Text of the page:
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How Can a Minority Language be Maintained in Mayority Communities

June 7, 2010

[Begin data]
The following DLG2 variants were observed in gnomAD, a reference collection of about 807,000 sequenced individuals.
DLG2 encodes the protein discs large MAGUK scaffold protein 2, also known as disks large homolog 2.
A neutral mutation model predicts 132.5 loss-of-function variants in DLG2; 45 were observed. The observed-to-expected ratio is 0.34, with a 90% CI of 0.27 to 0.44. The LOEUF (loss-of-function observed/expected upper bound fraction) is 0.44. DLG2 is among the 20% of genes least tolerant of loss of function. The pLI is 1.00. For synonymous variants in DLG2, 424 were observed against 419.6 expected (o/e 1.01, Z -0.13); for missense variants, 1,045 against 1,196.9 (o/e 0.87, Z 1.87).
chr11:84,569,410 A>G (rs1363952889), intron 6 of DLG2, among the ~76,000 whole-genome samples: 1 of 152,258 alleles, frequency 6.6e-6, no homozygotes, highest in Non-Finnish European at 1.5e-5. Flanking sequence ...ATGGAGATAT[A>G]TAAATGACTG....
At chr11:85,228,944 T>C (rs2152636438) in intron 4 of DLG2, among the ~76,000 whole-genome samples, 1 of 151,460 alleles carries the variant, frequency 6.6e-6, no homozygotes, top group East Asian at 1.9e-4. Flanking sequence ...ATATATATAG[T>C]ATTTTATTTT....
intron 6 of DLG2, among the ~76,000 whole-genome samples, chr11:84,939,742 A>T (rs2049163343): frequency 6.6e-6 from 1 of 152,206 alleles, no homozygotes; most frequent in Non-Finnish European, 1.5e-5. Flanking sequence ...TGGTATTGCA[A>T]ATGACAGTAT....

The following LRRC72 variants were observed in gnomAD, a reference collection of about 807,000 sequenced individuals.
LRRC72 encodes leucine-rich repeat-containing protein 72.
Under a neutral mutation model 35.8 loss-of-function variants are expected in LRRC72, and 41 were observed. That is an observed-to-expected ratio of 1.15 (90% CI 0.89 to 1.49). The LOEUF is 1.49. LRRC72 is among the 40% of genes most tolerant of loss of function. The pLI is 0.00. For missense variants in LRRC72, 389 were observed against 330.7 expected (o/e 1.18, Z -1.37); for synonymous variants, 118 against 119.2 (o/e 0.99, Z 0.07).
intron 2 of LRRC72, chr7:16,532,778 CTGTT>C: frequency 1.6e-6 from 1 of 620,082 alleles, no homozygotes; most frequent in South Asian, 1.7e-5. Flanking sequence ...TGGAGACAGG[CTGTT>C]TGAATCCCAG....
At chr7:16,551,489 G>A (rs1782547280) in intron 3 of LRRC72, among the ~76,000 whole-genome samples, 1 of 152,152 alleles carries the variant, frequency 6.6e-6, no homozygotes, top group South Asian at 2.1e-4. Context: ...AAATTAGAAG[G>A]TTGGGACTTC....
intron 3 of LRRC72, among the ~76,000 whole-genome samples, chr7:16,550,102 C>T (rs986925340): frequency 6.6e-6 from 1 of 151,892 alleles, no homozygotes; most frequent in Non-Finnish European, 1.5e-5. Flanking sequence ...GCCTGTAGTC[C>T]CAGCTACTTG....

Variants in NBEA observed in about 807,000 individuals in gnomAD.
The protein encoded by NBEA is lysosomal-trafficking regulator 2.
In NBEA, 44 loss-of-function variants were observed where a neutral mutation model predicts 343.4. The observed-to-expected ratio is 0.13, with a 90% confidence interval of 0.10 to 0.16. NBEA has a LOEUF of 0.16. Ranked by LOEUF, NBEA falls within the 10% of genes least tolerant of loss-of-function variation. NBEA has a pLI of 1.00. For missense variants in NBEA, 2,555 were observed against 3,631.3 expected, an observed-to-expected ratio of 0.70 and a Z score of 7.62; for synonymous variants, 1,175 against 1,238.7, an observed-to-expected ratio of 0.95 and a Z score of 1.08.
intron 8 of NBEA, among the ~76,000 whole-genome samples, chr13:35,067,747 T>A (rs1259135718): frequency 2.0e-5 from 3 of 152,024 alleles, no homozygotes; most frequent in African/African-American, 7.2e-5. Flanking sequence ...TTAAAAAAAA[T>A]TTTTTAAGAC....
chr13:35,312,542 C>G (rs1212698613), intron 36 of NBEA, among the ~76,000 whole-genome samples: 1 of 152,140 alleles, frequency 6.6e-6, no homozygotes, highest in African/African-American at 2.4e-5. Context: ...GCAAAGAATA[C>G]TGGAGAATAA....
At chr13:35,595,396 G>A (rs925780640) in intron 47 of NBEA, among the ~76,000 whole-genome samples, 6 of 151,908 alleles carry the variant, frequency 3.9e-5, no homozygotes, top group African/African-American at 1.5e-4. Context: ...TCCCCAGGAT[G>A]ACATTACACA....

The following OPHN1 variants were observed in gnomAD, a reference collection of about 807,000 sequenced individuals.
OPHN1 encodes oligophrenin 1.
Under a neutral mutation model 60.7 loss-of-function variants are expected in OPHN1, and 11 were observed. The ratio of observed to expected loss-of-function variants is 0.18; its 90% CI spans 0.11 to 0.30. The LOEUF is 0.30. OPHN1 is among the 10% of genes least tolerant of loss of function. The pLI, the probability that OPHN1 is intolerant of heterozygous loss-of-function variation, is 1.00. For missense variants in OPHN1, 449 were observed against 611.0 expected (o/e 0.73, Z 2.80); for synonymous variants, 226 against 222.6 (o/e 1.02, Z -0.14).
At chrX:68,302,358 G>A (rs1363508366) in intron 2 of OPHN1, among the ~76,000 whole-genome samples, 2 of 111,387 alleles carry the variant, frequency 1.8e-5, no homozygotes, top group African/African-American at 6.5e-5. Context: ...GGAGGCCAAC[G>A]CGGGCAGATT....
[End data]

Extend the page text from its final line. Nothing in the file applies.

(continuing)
Just as human beings possess a great capacity to acquire language, they also have a capacity for losing it. Although some individuals have experienced language loss or attrition as a result of a head wound, stroke, or other source of brain damage, many more have lost language skills through lack of a linguistically appropriate social environment in which to use them. Instances include: a speaker of a language who lives in an environment in which another language is considered more socially useful; a speaker of a language who moves to a country where a different language is spoken and, as a result, gradually loses his or her first language; and a student who has learned a second language in school and loses it through lack of opportunity to practice the skills acquired. Language acquisition and maintenance depend on instructional factors, relating to the way in which the language is initially acquired; cultural factors, relating to the status and usefulness of the language in a particular society; and personality factors, relating to individual characteristics of the speaker. There are certain factors seem to retard wholesale language shift for minority language group, at least for a time. 1. Where language is considered an important symbol of minority group’s identity, for example the language is likely to be maintained longer. For instance, Polish people have regarded language as very important for preserving their identity in the many countries they have migrated to, and they have consequently maintained Polish for three to four generations. 2. If families from a minority group live near each other and see each other frequently, this also helps them maintain their language. For instance, Bataknese people who live in Jakarta or other big cities, belong to a common church, HKBP (Huria Kristen Batak Protestan), where Batak is used. 3. The degree and frequency of contact with the homeland may contribute to language maintenance for those who emigrate. The prospect of regular trips back home provides a similar motivation to maintain fluency for many groups. For example, a minority group like Javanese people, who live in the big city, Jakarta, tend to return home when holidays with their families so they can maintained their language. 4. Where the normal family organization for an ethnic group is the extended family with grandparents and unmarried relatives living in the same house as the nuclear family. There is a good reason to continue using the minority language at home. And marriage to a majority group member is the quickest way of ensuring shift to the majority group language for children. 5. Obviously a group who manage to ensure their language is used settings, for example their place of worship will increase the chances of language maintained. For instance, Bataknese people in Jakarta attend church services in Batak. 6. Institutional support generally makes the difference between success and failure in maintaining a minority group language. The minority group which can mobilize these institutions to support language maintenance has some chance of succeeding. When the government of a country is committed to maintaining or reviving a language, it is possible to legislate for its use in all these domains, as happened in Israel with Hebrew.

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